During my site visits, I always find it important to observe the work, exposures, respirator use and get input from the workers. What is the nature of the exposures? Do workers understand the types of exposures and risks? Do they have any problems or non-routine tasks that may need more evaluation? This is a part of managing an effective respiratory protection program, and why it is important to assign a program administrator that takes an active role in assessing the program.
One OSHA-required element of the respiratory protection program where I see wide variation in practice is the medical evaluation. When OSHA issued the first respiratory protection standard in 1972, it was recognized that there could be medical concerns with respirator use. While the standard had a major revision in 1998, the medical evaluation requirements have remained unchanged for 50 years, even though the understanding of respirators and health concerns has significantly advanced.
While OSHA has not made a change, the medical practice supporting respirator use has changed. New options that make it easy to manage medical evaluations are available such as online questionnaires reviewed by a medical professional.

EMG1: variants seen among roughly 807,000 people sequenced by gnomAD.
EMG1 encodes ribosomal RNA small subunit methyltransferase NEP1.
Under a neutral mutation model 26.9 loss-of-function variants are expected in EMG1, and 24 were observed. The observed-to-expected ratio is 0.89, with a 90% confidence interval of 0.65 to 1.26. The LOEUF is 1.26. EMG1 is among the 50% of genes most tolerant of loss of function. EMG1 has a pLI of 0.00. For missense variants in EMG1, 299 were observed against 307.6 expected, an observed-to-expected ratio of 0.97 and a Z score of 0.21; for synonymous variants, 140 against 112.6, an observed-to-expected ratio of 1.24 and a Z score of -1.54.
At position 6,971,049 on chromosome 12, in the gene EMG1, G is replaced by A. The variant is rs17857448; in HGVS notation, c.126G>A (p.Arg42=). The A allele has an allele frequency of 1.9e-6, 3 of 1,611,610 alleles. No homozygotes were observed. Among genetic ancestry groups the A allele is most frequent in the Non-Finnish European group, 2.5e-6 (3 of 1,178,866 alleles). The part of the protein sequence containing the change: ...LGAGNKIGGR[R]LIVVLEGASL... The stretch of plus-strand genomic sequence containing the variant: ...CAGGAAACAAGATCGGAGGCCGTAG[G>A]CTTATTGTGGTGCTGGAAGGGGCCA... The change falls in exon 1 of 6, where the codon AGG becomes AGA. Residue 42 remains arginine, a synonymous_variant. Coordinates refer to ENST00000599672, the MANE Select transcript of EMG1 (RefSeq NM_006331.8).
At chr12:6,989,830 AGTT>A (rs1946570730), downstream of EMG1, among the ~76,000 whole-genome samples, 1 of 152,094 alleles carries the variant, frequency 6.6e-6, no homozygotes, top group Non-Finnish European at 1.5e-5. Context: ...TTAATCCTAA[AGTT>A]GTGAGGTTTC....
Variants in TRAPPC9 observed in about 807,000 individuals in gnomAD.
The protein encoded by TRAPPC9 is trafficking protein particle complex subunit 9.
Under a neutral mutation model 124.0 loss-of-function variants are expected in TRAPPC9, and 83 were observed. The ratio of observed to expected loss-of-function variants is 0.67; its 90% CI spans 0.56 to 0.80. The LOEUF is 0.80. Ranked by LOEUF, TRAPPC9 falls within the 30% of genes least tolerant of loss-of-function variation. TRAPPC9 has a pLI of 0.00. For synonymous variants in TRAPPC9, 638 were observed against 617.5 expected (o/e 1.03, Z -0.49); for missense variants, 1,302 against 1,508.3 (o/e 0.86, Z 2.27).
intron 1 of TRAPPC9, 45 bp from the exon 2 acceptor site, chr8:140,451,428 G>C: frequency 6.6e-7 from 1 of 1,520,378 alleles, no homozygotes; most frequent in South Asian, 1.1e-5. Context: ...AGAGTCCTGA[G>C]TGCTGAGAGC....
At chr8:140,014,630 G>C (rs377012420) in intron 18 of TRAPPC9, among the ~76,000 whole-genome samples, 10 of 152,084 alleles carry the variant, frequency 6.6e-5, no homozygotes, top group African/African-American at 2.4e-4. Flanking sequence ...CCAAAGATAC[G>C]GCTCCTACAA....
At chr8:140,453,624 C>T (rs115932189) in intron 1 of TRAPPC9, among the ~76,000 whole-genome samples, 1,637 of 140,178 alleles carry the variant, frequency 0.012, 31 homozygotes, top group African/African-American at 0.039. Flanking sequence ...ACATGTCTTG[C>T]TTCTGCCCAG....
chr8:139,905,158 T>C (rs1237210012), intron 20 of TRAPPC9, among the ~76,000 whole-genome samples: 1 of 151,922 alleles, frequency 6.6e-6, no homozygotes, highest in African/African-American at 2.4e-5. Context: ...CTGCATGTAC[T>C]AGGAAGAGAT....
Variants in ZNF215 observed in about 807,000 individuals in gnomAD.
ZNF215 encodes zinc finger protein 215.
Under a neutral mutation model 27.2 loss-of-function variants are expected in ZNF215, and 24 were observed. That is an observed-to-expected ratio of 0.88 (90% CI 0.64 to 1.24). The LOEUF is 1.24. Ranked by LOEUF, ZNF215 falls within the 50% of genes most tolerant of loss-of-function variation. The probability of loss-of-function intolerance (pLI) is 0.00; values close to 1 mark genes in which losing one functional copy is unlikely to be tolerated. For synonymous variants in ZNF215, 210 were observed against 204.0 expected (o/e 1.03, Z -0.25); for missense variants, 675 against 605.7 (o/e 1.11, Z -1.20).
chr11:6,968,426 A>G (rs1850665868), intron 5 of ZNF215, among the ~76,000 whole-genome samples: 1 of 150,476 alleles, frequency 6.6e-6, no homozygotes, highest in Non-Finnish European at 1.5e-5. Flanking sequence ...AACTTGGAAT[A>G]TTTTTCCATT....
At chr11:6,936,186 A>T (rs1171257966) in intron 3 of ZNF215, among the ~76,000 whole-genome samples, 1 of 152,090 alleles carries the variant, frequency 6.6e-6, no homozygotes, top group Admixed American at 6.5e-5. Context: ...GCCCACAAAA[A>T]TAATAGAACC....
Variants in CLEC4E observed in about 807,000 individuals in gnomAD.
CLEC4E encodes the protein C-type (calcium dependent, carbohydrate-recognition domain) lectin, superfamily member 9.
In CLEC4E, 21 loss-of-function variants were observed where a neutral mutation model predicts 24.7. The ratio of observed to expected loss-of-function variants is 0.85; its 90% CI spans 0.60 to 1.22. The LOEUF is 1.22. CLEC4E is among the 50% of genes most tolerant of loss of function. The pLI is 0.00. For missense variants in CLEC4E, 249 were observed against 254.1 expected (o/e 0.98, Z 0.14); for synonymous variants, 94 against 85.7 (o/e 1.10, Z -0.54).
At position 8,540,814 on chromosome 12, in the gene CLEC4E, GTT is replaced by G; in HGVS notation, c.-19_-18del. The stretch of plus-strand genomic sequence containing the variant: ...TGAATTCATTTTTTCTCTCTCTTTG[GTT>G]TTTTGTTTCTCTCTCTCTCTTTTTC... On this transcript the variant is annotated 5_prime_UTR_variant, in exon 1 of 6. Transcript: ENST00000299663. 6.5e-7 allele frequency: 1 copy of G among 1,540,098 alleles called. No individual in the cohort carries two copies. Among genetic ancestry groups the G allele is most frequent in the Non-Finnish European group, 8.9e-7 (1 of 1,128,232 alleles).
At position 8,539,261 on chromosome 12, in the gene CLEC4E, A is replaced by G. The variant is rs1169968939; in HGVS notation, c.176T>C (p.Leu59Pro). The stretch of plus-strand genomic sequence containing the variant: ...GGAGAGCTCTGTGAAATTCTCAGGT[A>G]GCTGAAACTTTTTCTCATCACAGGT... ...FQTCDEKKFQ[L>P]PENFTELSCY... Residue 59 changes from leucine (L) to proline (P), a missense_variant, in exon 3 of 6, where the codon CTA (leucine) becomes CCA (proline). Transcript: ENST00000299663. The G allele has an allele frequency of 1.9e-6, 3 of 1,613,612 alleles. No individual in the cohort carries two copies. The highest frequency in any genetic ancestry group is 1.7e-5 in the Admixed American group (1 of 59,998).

Improvements in respirator design over the years include different materials, improvements in worker comfort, and communication, including wireless communication systems for use with respirators. Other technological improvements include lighter and longer-lasting powered air-purifying respirators (PAPRs). Advancements in wearable sensor technologies have facilitated real-time monitoring of worker exposures to verify that respiratory protection is suitable for the level exposure and warn the user and safety before acceptable levels such as the Immediately Dangerous to Life or Health (IDLH) limit for a negative pressure respirator are exceeded.
Effective respiratory protection requires addressing a variety of issues, from understanding exposures to making sure respirators are properly stored and maintained. Technology and particularly online resources have made it easy to manage a respiratory protection program, but never forget the importance of seeing where and how they are being used and getting input from the users.
This article originally appeared in the August 1, 2023 issue of Occupational Health & Safety.